Panoramic photography creates fascinating images. Very wide angle images are closer to the human field of view than conventional pictures. If seen through a panoramic viewer they let us experience a location as if we were there. Panoramic image stitching can create panoramas from pictures taken one after another. Unfortunately, acquiring the images takes a lot of time and moving objects may cause ghosting. It is also difficult to obtain a full spherical panorama, because the downward picture cannot be captured while the camera is mounted on the tripod.
In this work, we present a throwable panoramic camera that solves these problems. The camera is thrown into the air and captures an image at the highest point of flight - when it is hardly moving. The camera takes full spherical panoramas, requires no preparation and images are taken instantaneously. It can capture scenes with many moving objects without producing ghosting artifacts and creates unique images.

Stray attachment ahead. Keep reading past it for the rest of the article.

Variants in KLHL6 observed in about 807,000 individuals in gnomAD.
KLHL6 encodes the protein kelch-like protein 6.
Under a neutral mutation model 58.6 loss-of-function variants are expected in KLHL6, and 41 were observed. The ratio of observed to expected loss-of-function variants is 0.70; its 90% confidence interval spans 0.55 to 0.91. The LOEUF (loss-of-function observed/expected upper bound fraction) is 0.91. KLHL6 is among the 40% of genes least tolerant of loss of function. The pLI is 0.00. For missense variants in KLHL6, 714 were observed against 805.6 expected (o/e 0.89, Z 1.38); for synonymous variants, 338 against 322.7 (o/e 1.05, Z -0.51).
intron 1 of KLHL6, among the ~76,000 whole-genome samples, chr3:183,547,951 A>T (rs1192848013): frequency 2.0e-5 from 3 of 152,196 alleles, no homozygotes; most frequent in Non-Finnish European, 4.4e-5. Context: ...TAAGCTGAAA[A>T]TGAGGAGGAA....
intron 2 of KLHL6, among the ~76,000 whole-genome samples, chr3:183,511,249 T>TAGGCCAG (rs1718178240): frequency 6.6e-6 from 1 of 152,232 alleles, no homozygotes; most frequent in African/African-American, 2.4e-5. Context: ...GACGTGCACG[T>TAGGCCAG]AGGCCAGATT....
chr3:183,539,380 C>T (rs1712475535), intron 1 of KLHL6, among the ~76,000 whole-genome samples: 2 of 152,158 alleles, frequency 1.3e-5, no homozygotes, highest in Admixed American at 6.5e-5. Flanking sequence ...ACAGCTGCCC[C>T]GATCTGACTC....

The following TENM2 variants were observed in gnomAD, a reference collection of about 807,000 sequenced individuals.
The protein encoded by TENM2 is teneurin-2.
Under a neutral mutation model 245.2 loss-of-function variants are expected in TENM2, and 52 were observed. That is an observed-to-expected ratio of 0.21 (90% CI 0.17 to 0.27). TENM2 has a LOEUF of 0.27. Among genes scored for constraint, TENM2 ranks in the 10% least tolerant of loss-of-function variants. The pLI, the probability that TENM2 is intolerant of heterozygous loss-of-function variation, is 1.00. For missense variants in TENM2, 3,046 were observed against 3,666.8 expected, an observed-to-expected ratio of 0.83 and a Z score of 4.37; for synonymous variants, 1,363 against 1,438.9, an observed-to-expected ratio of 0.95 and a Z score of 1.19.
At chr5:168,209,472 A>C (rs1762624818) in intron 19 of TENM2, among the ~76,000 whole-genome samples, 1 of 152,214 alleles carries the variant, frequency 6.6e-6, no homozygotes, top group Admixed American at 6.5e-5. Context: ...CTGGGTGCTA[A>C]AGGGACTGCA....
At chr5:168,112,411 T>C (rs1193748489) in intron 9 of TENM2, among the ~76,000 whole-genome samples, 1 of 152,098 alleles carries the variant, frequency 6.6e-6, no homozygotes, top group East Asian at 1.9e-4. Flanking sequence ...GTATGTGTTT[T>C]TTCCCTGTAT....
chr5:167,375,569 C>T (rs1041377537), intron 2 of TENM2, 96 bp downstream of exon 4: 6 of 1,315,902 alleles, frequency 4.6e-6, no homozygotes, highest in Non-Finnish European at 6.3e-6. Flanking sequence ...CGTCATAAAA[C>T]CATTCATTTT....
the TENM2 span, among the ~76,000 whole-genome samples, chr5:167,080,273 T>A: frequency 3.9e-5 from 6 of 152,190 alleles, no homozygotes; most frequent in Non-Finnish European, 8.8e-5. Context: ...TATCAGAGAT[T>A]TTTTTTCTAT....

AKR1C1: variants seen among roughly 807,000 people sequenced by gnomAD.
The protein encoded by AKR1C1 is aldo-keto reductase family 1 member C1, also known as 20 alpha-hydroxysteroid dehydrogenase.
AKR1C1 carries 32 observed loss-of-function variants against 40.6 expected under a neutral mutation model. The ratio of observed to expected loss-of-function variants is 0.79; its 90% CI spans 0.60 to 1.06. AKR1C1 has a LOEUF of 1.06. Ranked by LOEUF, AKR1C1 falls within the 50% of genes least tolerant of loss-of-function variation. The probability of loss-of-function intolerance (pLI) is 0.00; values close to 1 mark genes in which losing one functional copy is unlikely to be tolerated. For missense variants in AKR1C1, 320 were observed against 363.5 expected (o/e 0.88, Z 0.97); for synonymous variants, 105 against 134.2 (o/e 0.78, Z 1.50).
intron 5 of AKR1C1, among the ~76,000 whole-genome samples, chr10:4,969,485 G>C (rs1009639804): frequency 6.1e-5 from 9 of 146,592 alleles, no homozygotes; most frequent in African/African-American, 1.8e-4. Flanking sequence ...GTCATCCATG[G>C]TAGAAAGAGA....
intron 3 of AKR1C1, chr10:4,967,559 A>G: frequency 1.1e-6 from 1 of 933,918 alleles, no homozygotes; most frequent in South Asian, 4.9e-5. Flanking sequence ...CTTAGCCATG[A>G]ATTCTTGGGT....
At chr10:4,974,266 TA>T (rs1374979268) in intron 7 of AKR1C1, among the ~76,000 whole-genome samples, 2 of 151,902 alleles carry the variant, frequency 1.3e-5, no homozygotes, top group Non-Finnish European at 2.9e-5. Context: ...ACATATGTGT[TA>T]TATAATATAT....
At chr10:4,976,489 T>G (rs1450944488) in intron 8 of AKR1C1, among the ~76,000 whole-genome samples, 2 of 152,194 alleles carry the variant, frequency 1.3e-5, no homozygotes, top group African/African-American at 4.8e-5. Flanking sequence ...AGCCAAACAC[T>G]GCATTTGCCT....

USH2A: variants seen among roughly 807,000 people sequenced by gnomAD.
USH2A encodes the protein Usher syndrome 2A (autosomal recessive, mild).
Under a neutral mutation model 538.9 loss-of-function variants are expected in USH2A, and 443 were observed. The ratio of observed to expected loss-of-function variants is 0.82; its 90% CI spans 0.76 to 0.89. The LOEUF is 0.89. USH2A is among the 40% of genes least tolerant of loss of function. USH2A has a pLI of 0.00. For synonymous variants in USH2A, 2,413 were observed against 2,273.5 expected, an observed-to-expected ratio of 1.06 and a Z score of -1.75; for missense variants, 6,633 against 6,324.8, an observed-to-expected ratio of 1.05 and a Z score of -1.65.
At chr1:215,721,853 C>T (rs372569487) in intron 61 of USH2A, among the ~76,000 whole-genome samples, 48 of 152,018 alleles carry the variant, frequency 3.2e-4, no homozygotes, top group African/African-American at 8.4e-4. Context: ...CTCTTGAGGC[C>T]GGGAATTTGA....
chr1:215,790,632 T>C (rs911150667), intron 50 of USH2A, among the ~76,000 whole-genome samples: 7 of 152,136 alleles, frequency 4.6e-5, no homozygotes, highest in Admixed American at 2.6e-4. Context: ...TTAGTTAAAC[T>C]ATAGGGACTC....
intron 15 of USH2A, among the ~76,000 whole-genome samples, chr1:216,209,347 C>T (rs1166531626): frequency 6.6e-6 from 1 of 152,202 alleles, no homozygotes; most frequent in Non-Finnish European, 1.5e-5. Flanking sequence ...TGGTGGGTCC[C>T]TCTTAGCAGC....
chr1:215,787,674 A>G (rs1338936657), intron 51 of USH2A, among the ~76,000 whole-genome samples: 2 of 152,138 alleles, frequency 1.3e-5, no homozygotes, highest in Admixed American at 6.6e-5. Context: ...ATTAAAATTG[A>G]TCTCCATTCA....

Our camera uses 36 fixed-focus 2 megapixel mobile phone camera
modules. The camera modules are mounted in a robust, 3D-printed,
ball-shaped enclosure that is padded with foam and handles just like a
ball. Our camera contains an accelerometer which we use to measure
launch acceleration. Integration lets us predict rise time to the
highest point, where we trigger the exposure. After catching the ball
camera, pictures are downloaded in seconds using USB and automatically
shown in our spherical panoramic viewer. This lets users interactively
explore a full representation of the captured environment.
We used the camera to capture full spherical panoramas at
scenic spots, in a crowded city square and in the middle of a group of
people taking turns in throwing the camera. Above all we found that it
is a very enjoyable, playful way to take pictures.
This project shows the great potential of the use of 3D printing to realize complex projects with bespoke housings without the usual expense of fabrication. When it comes time for the next iteration with higher resolution cameras, different accelerometer or some other modification, the cost to produce the next version will be approximately the same as making another copy of the exact same housing. This lowers the barrier of entry, encourages improvements and promotes innovation. Check out the video below to see the unit in action.
Mmm... Positioning evenly 36 cameras on a sphere could be a good application of the Truncated Sphere Dice... Perhaps those dice are not so useless...
Very interesting project, in any case...
What about printing those panoramic pictures onto a sphere in Full Color Sandstone? That could be really awesome.